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Not every wine always worked – but everything was interesting, and many wines were truly fantastic. Among my favourites are the winery’s flagship Dux, Vox Dei Pinot Noir (matured in barrel with a piece of meteorite found in the vineyard), Sensum, Bouquet (a rare Bulgarian speciality), Cuvée Bella Rada (a surprise for me as I normally hate Rkatsiteli) and the ever fascinating Gamzas (including Black Pack, Granny’s and others – all of which had some great story about obtaining the grapes).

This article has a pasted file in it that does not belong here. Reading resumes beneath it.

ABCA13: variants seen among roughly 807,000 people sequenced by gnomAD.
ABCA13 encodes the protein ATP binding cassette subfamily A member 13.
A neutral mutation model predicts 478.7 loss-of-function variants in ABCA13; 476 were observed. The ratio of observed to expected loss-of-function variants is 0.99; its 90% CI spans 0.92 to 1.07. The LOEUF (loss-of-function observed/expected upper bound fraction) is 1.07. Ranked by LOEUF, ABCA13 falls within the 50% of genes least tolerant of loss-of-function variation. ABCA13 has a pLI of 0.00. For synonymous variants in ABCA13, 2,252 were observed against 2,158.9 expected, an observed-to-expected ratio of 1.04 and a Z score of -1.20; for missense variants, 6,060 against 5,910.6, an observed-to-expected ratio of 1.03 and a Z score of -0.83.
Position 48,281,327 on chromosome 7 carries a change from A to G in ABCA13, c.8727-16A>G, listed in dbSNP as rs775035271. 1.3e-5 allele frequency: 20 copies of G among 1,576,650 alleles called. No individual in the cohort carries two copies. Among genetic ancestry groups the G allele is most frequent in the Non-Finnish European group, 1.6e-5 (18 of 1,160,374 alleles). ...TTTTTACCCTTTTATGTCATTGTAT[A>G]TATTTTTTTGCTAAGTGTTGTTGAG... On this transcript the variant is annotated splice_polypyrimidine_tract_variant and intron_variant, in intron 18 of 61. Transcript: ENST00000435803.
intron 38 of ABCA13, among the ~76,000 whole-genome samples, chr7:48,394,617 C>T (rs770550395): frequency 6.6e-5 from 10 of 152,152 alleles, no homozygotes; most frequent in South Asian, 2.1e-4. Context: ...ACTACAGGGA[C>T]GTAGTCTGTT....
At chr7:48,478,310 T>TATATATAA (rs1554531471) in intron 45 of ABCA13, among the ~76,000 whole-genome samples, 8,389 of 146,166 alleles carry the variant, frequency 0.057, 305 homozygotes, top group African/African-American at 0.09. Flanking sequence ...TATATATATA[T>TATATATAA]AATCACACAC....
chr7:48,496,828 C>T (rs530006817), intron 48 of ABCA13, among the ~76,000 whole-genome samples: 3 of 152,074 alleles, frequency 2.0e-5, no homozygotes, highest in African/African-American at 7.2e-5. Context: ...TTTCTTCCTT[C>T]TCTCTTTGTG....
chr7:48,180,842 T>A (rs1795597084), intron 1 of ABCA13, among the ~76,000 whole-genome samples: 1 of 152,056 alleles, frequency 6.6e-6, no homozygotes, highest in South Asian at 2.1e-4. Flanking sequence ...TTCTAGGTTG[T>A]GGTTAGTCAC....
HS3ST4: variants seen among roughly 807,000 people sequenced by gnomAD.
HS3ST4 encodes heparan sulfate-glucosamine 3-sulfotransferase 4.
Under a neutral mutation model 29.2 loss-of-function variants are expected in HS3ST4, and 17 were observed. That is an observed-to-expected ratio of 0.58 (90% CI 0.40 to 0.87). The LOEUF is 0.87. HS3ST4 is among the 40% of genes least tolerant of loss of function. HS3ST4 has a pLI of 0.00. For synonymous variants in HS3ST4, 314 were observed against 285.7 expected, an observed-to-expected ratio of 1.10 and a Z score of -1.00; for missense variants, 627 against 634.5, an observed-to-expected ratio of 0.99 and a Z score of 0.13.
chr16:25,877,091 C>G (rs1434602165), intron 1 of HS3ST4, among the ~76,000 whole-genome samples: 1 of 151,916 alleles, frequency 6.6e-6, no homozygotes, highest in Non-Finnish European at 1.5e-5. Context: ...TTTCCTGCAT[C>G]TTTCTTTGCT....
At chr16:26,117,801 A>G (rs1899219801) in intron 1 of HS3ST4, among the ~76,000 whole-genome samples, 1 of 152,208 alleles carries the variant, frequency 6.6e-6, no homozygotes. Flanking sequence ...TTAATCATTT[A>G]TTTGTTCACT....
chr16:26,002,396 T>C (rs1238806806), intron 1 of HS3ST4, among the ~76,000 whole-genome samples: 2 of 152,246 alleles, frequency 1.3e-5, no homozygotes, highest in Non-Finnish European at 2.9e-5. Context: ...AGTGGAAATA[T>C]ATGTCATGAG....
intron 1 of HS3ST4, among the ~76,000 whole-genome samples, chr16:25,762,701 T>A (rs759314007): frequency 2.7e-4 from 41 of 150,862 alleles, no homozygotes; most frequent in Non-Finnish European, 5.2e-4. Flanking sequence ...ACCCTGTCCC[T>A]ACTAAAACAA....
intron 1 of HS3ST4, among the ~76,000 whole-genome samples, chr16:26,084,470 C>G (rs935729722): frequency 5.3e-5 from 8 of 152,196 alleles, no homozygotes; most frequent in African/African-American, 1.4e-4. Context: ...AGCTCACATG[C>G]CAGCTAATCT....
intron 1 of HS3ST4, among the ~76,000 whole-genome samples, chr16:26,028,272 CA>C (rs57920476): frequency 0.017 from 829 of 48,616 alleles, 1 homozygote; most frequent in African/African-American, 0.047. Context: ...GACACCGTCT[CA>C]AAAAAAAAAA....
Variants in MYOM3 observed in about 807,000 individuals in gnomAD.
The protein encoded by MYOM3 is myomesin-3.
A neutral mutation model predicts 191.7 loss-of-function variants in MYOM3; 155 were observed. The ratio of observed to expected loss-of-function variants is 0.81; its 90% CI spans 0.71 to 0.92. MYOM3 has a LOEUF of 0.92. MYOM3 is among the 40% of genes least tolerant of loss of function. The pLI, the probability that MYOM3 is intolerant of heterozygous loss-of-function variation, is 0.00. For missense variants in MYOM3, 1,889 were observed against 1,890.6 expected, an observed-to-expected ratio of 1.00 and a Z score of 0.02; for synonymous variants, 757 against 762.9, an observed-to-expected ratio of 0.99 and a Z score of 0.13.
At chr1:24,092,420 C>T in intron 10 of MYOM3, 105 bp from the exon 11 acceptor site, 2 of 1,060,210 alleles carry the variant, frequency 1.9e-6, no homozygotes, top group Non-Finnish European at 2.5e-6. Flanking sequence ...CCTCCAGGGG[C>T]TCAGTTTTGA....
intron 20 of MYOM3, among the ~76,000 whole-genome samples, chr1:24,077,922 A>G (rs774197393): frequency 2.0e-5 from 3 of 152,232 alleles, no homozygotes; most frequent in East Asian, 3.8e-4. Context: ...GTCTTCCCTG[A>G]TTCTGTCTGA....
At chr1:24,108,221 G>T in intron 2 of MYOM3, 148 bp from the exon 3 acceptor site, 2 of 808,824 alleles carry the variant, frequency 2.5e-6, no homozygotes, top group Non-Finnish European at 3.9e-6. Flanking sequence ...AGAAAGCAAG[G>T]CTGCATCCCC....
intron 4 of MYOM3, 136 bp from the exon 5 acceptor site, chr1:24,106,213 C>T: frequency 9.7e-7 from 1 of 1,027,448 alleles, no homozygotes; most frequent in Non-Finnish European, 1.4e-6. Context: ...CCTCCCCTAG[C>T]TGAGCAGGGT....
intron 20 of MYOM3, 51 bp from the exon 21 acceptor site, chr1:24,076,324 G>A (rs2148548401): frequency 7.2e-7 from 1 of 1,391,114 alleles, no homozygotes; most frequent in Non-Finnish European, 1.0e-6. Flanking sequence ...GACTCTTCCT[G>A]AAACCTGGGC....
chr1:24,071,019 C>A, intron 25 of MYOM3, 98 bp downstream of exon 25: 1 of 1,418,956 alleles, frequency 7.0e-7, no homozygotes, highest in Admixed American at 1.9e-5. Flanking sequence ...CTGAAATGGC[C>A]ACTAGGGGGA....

Ogy was often opinionated about the rest of the Bulgarian wine industry, but in spite of this he frequently took time to arrange visits for me so I would understand the bigger picture. He found it frustrating that industry lobbying influenced dividing the country into just two regions for wines with Protected Geographical Indication status. He firmly believed that this was about making life easier for big companies to source wherever they wanted. He felt the old five regions had been based on clearly identifiable differences in soil and climate. In the end, it meant he went his own way, feeling unrecognised by the industry and wine press in Bulgaria, and let his wines speak for themselves.